By the third day, though, the hospital let Ms. Tong take her son home to recover; his condition had improved and his hospital bed was needed. The government later said it would temporarily loosen its policy so that only children with severe coronavirus symptoms would need to hospitalized.
Foreign governments have also responded to Hong Kong’s pandemic measures with concern. Citing the risk of familial separation, the United States Consulate last week warned Americans not to travel to Hong Kong. The French consul general acknowledged that the latest measures would “profoundly affect everyone’s life, with a price to pay that has been steadily increasing for two years, especially for families with children.”
Consular officials have worked to help expatriates find travel arrangements to leave Hong Kong, which has banned flights from nine countries, including the United States, Canada, Britain and Australia. The Swiss Consulate arranged one flight for citizens. The Irish Consulate said it had “never experienced this level of demand for consular service for those wishing to leave.”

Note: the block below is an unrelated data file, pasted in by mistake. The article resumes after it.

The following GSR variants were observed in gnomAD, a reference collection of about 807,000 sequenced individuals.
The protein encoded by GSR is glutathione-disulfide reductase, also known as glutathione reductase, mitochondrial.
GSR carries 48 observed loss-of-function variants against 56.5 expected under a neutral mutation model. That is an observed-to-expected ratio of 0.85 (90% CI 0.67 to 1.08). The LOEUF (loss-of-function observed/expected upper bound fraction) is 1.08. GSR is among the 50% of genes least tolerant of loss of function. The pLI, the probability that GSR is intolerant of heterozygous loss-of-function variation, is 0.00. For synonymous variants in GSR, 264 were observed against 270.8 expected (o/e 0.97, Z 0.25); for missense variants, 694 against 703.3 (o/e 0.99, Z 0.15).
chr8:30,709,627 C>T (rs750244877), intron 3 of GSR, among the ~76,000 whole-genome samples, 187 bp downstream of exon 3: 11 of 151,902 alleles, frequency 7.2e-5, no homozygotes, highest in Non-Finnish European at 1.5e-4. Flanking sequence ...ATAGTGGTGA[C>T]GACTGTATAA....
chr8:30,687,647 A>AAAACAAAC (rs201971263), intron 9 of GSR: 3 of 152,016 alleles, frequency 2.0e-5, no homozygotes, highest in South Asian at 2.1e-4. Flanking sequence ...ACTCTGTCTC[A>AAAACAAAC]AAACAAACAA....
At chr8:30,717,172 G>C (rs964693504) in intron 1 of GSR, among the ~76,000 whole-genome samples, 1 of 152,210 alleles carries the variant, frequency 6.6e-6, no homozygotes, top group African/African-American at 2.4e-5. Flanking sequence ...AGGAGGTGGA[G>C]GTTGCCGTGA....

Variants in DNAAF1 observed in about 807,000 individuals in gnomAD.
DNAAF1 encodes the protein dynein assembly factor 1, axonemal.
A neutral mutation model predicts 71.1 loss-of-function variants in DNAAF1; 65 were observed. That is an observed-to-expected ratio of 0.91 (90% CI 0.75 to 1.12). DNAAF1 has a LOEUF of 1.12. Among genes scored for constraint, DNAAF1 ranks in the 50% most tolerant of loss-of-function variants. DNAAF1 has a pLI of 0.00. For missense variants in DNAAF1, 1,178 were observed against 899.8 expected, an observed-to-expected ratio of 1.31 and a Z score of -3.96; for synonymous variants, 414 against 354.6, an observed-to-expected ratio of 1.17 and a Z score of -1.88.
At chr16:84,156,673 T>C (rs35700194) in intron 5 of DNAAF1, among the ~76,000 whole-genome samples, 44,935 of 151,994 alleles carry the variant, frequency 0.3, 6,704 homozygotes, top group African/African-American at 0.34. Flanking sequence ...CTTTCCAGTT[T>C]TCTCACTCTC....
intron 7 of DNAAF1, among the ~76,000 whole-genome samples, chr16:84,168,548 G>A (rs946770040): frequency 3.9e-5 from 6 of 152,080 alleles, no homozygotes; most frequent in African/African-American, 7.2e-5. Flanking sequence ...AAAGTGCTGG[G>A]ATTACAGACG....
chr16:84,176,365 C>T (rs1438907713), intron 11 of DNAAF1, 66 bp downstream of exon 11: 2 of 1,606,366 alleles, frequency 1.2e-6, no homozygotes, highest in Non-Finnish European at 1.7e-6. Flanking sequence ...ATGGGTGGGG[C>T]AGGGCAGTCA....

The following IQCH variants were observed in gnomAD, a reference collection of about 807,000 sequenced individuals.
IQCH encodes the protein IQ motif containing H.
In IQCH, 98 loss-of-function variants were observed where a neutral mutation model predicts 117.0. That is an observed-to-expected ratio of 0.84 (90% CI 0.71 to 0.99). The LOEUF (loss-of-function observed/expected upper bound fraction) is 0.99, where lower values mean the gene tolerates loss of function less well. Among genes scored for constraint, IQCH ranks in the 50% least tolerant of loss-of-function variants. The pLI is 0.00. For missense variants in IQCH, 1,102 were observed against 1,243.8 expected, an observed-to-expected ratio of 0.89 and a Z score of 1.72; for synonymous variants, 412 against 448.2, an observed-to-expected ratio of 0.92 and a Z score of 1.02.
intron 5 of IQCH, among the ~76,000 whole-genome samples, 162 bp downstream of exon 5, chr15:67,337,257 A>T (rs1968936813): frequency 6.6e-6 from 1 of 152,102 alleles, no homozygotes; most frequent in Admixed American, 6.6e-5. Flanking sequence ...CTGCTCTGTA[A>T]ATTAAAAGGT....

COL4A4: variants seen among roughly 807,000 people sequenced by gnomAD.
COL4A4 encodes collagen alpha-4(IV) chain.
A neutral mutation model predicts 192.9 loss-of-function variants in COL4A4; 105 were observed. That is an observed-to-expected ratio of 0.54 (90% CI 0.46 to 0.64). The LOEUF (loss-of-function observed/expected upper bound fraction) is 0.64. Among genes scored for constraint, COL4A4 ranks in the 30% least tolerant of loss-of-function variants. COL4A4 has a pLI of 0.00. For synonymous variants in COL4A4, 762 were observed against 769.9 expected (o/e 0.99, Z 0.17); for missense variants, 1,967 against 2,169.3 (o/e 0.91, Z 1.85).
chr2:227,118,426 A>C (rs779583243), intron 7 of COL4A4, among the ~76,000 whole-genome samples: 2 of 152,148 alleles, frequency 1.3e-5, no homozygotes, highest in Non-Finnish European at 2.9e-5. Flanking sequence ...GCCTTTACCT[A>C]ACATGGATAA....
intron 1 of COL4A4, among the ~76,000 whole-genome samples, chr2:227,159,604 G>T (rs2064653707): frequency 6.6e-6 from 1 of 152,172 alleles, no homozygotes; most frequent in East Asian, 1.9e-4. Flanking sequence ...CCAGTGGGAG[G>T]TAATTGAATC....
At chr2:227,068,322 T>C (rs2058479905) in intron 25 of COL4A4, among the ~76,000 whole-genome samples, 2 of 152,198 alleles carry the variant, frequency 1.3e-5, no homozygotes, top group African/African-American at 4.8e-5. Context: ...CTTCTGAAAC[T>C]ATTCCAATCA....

Hong Kong, a place once known as “Asia’s World City,” now has some of the strictest travel restrictions, isolating it from the rest of the world. The new uncertainty has driven the largest exodus of residents since the early days of the pandemic in 2020, with more than 70,000 net departures last month, according to data from the Immigration Department.
Weeks earlier, Cordula Kotanko, a German management consultant, and her husband had been thinking about leaving Hong Kong because their three daughters had been struggling with remote learning during much of the pandemic. They were also worried about the prospect of being caught in a citywide lockdown.